Satellite Geological Mapping of the Yellowknife Volcanic Belt
Keywords:Economic geology, Geology, Gold, Mapping, Ores, Proterozoic era, Satellite photography, Stratigraphy, Structural geology, Batholiths, Yellowknife region, N.W.T.
An ARIES III image Analysis System was used to manipulate digitized Landsat 5 Thematic Mapper (TM) imagery of the Yellowknife Volcanic belt (YVB) to demonstrate geological applications of this technology in a boreal region characterized by subdued topography, open-canopy forest cover and about 50% outcrop exposure. The YVB was selected for study because detailed geological mapping is available against which computer-generated imagery could be compared and evaluated. The study area encompasses a northerly trending belt of principally mafic volcanic rocks (Kam Group) flanked to the west by a multi-phase batholith (Western Granodiorite Complex) and to the east by turbiditic sediments (Burwash Formation) and granitic stocks. Intermediate volcanic rocks (Banting Group) and a narrow belt of conglomerates (Jackson Lake Formation) separate the Kam Group from the Burwash Formation. Initially, images from each of the six TM channels were analyzed, and it was found that channels 7 (short-wave infrared), 3 (red) and 2 (green) yield the best discrimination of geological features. Subsequently, various computer-generated enhancement programs were applied to these channels to intensify geological discrimination, and the resulting images were combined to produce a number of false-colour composite images that were compared to published geological maps. On the best of these "satellite geological maps" at least three phases of igneous intrusions can be identified, as well as the boundaries of the Kam Group and a number of important structural discontinuities. The adjacent Banting Group volcanics and Burwash Formation sediments could not be chromatically separated but are sometimes distinguishable using textural criteria. Most notably, certain computer-enhanced images highlight two zones of alteration within the Kam Group that have not previously been noted on published maps. These alteration zones appear to be spatially associated with a number of gold showings and one significant gold deposit. It is concluded that computer manipulation of satellite imagery can add worthwhile information to the geological database of areas that have been mapped at a detailed scale of 1:10,000.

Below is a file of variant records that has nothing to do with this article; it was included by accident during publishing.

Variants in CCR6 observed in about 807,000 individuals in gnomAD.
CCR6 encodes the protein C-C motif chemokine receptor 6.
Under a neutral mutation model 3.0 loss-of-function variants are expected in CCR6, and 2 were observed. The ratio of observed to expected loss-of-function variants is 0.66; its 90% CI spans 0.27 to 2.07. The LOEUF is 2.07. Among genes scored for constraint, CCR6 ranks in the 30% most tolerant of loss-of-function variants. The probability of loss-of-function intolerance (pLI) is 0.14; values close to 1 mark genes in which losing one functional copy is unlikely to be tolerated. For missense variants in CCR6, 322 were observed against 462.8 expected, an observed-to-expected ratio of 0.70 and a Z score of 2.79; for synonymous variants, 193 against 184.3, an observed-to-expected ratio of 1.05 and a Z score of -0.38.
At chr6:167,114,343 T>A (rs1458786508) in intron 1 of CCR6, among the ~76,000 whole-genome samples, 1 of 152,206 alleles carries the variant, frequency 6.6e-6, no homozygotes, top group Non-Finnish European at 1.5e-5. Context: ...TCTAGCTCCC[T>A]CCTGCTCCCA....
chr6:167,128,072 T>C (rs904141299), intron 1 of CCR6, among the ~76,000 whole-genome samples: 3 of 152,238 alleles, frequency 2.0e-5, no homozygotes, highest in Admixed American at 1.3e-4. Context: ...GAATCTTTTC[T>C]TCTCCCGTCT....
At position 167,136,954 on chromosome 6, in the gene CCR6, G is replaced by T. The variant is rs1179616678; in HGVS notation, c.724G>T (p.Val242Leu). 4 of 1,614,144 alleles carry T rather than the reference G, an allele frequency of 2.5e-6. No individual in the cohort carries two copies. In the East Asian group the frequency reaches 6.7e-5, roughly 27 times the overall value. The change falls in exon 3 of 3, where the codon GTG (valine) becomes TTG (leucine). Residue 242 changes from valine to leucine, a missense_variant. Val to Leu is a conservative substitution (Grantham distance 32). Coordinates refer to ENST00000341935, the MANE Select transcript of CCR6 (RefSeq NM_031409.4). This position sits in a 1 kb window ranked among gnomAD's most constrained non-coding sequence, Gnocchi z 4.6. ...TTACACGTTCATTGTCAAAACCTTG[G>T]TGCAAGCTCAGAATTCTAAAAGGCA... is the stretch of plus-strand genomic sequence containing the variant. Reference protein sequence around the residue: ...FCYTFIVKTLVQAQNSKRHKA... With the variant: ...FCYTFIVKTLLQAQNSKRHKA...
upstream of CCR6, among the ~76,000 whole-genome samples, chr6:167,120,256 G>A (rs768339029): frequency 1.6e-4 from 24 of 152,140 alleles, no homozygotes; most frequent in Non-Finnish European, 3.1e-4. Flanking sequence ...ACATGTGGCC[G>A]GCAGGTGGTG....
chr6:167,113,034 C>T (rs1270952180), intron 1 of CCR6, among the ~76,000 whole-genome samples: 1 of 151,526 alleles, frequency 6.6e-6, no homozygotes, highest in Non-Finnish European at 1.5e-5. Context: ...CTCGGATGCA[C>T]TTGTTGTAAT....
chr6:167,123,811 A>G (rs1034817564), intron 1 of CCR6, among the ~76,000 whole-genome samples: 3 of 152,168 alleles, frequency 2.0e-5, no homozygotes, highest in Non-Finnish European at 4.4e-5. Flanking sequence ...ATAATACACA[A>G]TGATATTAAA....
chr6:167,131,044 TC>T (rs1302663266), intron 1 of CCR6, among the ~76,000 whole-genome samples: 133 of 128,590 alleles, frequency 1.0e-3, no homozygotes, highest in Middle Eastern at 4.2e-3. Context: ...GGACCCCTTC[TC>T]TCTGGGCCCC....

Key words: geology, satellite imagery, Landsat 5, Thematic Mapper, Yellowknife Volcanic Belt, computer, DIPIX, ARIES III